Tyler Miller, M.D./Ph.D. Candidate, Case Western Reserve School of Medicine, Stem
Cell Biology and Regenerative Medicine, Jeremy Rich Lab, Cleveland Clinic
We developed a novel high-throughput in vivo screening strategy to identify direct therapeutic targets within solid tumors. Using intracranial PDX models of glioblastoma, we discovered screening within a functional microenvironment
reveals a host of epigenetic targets not detected by parallel in vitro screening. These in vivo-specific targets were more clinically relevant and validated in preclinical models of glioblastoma, demonstrating the power and utility
of functional in vivo screening to identify therapeutically relevant targets in cancer.
4:50 A Tissue-Engineered Vascularized Tumor Microenvironment for Preclinical Testing of Anticancer Therapeutics
Henning Mann, Ph.D., Senior Research Scientist, Research & Development, Nortis,
Nortis provides microfluidic chips for tissue engineering 3D vascularized tissue microenvironments. Endothelial vessels induced to sprout in response to growth factors create a vascular network that invades tumor tissue. The model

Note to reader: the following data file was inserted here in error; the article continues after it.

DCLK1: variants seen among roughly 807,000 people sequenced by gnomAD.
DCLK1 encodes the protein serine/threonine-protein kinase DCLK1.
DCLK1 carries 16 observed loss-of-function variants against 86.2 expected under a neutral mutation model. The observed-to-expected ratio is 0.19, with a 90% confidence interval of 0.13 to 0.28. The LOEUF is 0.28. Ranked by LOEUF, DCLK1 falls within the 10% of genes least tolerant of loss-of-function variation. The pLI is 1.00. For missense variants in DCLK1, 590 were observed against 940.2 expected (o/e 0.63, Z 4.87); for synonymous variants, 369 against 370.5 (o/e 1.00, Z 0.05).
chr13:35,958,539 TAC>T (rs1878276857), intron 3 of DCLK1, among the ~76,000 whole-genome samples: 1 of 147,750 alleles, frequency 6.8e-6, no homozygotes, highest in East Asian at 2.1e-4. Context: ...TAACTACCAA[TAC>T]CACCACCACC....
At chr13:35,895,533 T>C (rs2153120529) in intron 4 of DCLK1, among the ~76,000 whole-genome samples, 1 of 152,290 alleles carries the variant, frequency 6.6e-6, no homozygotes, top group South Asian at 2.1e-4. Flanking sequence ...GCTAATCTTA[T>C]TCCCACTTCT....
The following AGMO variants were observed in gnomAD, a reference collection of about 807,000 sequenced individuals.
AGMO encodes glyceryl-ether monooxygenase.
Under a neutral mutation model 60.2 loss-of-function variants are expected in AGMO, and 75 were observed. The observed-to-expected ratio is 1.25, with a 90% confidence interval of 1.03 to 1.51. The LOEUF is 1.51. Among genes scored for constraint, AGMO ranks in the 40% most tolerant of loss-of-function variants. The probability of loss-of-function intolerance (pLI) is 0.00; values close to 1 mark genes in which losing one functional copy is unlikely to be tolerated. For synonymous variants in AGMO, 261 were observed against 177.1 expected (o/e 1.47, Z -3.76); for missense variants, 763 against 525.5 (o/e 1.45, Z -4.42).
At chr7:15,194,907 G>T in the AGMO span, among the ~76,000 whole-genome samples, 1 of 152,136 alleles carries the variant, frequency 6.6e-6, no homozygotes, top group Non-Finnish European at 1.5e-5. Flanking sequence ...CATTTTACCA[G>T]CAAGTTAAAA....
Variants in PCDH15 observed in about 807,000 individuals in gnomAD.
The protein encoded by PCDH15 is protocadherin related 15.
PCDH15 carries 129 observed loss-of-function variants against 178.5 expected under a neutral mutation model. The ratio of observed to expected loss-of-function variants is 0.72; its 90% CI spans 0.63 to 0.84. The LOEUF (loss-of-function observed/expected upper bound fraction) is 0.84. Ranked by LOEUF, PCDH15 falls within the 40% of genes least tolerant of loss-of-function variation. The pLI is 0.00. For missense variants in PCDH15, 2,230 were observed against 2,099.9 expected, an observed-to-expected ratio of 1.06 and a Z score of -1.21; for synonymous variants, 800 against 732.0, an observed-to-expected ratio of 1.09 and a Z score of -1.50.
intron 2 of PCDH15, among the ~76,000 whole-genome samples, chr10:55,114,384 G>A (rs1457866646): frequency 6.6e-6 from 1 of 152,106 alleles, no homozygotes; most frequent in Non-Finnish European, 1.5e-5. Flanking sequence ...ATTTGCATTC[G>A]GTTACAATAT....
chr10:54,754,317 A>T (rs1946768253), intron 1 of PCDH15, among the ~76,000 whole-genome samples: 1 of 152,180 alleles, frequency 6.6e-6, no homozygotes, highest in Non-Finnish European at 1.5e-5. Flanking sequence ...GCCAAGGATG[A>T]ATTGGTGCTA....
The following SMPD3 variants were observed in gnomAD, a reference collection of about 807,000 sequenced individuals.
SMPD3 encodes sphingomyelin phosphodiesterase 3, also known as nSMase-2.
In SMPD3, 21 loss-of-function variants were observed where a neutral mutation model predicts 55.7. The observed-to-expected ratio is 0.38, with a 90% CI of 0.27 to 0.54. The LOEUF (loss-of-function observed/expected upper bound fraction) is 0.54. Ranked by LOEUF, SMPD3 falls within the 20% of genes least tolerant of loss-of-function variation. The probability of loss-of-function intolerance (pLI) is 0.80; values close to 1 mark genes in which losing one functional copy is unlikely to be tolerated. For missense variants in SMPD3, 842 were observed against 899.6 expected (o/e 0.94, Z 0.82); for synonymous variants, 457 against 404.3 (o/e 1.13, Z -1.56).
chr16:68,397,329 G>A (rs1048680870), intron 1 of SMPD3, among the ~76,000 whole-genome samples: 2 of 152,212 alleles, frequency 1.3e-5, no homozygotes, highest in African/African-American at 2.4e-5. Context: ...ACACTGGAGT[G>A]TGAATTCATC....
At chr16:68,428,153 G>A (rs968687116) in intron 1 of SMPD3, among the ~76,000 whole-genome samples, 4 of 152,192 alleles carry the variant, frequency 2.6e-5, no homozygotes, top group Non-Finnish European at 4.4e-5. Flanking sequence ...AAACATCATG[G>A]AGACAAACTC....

will be used to test anticancer therapeutics.
5:05 PANEL DISCUSSION: Preclinical Strategies and Tactics to Improve Clinical Trials
Moderator: Kenna Anderes, Ph.D., Founder & President, Translational Medicine Partners, Inc.
Topics to be Discussed:
- Approaches to PDX generation and molecular characterization
- Beyond PDX genotype--monotherapy drug response correlations
- Models of heterogeneity and clonal evolution: Tools to thwart resistance
5:35 Welcome Reception in the Exhibit Hall with Poster Viewing
6:45 Close of Day
Thursday, June 16
7:00 am Registration.
7:30 Interactive Breakout Discussion Groups with Continental Breakfast
This session features various discussion groups that are led by a moderator/s who ensures focused conversations around the key issues listed. Attendees choose to join a specific group and the small, informal setting facilitates
sharing of ideas and active networking. Continental breakfast is available for all participants.